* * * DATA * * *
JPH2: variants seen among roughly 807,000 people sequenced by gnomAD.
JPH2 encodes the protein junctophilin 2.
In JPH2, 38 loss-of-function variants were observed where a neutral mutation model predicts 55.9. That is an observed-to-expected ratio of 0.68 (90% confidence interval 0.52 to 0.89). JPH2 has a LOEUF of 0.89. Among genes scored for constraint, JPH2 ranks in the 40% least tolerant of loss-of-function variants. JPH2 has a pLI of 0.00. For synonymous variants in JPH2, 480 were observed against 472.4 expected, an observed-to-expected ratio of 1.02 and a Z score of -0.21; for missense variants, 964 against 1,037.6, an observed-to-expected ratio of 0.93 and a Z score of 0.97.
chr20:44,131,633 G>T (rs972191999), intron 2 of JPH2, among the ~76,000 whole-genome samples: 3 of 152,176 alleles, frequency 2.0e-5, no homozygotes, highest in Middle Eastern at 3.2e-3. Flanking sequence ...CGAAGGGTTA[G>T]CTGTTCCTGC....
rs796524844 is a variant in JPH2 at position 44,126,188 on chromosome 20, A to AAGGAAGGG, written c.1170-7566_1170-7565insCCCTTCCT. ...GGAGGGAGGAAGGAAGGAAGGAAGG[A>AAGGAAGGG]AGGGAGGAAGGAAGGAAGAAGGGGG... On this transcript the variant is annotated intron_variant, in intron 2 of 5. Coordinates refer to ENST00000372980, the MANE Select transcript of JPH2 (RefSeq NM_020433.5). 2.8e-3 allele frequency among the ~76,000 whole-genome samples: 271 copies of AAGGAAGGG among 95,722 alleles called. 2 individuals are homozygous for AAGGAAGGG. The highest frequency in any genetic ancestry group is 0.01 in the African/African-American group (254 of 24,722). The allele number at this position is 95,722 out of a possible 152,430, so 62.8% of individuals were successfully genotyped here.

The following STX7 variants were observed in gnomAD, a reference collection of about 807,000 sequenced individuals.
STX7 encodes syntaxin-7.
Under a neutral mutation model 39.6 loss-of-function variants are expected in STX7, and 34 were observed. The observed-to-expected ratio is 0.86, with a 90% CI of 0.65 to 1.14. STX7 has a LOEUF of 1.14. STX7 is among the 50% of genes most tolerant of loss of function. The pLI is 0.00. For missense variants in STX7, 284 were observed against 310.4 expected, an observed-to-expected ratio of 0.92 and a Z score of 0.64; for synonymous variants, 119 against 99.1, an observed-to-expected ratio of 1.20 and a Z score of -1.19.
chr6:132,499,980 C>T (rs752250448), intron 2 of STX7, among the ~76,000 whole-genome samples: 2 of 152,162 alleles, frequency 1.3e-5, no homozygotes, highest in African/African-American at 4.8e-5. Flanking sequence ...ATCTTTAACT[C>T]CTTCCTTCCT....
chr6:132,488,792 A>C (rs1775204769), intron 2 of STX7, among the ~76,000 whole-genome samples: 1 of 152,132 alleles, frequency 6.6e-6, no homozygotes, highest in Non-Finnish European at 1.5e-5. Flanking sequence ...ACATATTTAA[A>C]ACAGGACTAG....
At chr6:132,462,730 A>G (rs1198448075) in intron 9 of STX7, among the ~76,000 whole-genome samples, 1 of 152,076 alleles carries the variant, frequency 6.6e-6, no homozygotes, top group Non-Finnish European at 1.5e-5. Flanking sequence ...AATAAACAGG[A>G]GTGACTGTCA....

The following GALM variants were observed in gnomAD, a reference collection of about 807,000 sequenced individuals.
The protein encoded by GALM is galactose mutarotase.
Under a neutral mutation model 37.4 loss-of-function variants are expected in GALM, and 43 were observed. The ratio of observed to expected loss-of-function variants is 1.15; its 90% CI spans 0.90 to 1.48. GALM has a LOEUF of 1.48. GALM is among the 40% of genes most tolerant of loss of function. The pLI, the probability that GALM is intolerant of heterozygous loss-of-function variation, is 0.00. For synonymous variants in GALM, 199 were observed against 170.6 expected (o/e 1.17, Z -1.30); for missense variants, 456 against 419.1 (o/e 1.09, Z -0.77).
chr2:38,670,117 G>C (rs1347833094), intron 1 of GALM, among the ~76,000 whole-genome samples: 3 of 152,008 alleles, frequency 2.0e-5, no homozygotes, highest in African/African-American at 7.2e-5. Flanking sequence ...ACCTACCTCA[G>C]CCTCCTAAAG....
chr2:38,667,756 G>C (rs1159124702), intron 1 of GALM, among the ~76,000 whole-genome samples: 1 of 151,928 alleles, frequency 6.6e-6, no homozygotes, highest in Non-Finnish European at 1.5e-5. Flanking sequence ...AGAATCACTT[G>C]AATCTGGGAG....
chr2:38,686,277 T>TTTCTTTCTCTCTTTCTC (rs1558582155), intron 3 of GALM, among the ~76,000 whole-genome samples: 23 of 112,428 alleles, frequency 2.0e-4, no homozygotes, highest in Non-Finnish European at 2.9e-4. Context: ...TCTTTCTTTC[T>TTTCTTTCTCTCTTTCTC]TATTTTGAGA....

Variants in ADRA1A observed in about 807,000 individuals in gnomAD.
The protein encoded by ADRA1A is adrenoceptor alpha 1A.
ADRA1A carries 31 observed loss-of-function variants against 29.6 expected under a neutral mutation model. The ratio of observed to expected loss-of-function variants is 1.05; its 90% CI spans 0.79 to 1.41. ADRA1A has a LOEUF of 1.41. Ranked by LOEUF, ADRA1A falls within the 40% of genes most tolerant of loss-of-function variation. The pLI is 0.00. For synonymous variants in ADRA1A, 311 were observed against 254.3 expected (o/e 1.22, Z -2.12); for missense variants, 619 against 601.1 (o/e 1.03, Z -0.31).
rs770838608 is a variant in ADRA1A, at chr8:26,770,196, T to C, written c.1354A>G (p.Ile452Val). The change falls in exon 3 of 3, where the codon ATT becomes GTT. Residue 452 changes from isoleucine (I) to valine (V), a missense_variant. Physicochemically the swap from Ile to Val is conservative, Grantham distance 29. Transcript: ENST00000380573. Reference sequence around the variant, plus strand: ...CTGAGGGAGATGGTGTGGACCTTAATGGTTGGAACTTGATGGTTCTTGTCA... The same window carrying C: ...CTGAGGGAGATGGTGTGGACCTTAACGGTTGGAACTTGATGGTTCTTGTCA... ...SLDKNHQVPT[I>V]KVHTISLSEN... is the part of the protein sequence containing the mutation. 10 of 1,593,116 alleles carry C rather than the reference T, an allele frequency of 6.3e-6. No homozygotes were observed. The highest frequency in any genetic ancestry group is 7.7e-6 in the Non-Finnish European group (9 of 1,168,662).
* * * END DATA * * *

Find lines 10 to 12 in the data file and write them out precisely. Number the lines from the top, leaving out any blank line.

chr6:132,488,792 A>C (rs1775204769), intron 2 of STX7, among the ~76,000 whole-genome samples: 1 of 152,132 alleles, frequency 6.6e-6, no homozygotes, highest in Non-Finnish European at 1.5e-5. Flanking sequence ...ACATATTTAA[A>C]ACAGGACTAG....
At chr6:132,462,730 A>G (rs1198448075) in intron 9 of STX7, among the ~76,000 whole-genome samples, 1 of 152,076 alleles carries the variant, frequency 6.6e-6, no homozygotes, top group Non-Finnish European at 1.5e-5. Flanking sequence ...AATAAACAGG[A>G]GTGACTGTCA....

The following GALM variants were observed in gnomAD, a reference collection of about 807,000 sequenced individuals.